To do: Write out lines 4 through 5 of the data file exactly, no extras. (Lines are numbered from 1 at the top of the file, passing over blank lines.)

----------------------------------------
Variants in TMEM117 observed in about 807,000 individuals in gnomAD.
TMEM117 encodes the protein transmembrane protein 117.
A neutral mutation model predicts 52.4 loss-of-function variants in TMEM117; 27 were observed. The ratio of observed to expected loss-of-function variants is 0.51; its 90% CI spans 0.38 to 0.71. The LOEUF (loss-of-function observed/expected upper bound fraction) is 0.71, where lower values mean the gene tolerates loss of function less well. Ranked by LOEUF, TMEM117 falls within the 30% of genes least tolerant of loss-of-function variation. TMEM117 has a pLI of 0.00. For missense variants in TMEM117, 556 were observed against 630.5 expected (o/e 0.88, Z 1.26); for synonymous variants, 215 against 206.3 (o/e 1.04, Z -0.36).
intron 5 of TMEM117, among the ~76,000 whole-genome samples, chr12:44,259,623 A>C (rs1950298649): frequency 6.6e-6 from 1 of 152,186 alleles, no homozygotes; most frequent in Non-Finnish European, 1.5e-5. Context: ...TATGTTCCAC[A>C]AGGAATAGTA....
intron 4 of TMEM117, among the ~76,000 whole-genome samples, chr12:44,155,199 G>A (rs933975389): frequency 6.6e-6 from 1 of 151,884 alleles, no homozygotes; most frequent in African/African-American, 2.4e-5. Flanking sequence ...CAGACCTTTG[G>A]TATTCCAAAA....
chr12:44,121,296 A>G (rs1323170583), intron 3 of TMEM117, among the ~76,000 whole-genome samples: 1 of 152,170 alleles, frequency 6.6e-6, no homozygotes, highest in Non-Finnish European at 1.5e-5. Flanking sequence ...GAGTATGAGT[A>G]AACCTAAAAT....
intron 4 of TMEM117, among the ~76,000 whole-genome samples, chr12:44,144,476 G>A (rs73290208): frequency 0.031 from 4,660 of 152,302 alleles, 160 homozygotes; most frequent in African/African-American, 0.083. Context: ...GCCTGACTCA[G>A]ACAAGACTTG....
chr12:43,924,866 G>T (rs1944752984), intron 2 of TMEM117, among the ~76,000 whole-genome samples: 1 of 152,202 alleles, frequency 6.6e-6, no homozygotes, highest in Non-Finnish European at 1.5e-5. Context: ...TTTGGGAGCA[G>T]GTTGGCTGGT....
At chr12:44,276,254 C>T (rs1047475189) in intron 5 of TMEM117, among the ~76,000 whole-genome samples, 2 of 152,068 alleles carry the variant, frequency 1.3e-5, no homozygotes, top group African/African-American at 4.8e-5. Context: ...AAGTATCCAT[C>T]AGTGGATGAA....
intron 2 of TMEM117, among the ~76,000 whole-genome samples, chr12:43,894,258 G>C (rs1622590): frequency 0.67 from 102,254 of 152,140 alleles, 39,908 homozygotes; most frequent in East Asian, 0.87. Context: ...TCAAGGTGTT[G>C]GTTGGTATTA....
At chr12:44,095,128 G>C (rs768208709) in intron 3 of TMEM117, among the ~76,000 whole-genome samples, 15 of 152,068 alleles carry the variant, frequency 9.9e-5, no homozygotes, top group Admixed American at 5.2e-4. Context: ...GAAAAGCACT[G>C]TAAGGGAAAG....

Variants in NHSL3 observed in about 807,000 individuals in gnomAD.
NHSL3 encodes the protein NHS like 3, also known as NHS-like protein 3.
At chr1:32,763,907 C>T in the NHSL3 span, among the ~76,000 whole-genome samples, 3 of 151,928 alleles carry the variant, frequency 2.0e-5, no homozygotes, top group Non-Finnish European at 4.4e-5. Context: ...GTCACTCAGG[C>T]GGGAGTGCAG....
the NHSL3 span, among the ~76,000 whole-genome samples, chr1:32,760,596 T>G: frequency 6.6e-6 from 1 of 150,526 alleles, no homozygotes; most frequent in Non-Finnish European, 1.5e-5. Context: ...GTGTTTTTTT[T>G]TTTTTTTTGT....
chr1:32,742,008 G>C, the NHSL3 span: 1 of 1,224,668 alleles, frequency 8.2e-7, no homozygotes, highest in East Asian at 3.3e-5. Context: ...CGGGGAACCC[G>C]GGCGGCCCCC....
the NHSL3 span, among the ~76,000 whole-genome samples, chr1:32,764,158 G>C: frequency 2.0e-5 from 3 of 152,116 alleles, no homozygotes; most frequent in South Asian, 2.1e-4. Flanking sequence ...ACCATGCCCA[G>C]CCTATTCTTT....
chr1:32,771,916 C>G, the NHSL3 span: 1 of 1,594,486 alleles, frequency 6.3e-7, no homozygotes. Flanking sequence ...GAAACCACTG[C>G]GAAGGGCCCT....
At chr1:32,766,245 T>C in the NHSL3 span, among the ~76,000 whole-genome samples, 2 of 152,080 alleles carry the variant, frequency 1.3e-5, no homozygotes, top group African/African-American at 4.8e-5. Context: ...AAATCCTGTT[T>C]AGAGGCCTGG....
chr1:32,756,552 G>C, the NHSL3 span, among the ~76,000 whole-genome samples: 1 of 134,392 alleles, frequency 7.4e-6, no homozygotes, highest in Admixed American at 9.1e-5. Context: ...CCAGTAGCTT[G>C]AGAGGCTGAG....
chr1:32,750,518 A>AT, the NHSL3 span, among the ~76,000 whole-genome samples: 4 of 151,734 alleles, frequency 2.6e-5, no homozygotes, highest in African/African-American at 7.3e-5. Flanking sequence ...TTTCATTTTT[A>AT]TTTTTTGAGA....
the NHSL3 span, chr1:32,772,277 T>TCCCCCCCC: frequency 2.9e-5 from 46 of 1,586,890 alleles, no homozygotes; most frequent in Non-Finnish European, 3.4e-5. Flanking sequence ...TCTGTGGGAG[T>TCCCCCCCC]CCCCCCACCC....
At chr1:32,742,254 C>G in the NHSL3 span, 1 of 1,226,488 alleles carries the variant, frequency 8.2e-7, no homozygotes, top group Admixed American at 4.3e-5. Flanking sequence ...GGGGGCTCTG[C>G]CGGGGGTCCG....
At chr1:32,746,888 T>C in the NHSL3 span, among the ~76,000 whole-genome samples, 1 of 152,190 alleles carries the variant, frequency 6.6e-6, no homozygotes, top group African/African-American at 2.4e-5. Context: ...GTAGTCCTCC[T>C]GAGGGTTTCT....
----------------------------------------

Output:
intron 5 of TMEM117, among the ~76,000 whole-genome samples, chr12:44,259,623 A>C (rs1950298649): frequency 6.6e-6 from 1 of 152,186 alleles, no homozygotes; most frequent in Non-Finnish European, 1.5e-5. Context: ...TATGTTCCAC[A>C]AGGAATAGTA....
intron 4 of TMEM117, among the ~76,000 whole-genome samples, chr12:44,155,199 G>A (rs933975389): frequency 6.6e-6 from 1 of 151,884 alleles, no homozygotes; most frequent in African/African-American, 2.4e-5. Flanking sequence ...CAGACCTTTG[G>A]TATTCCAAAA....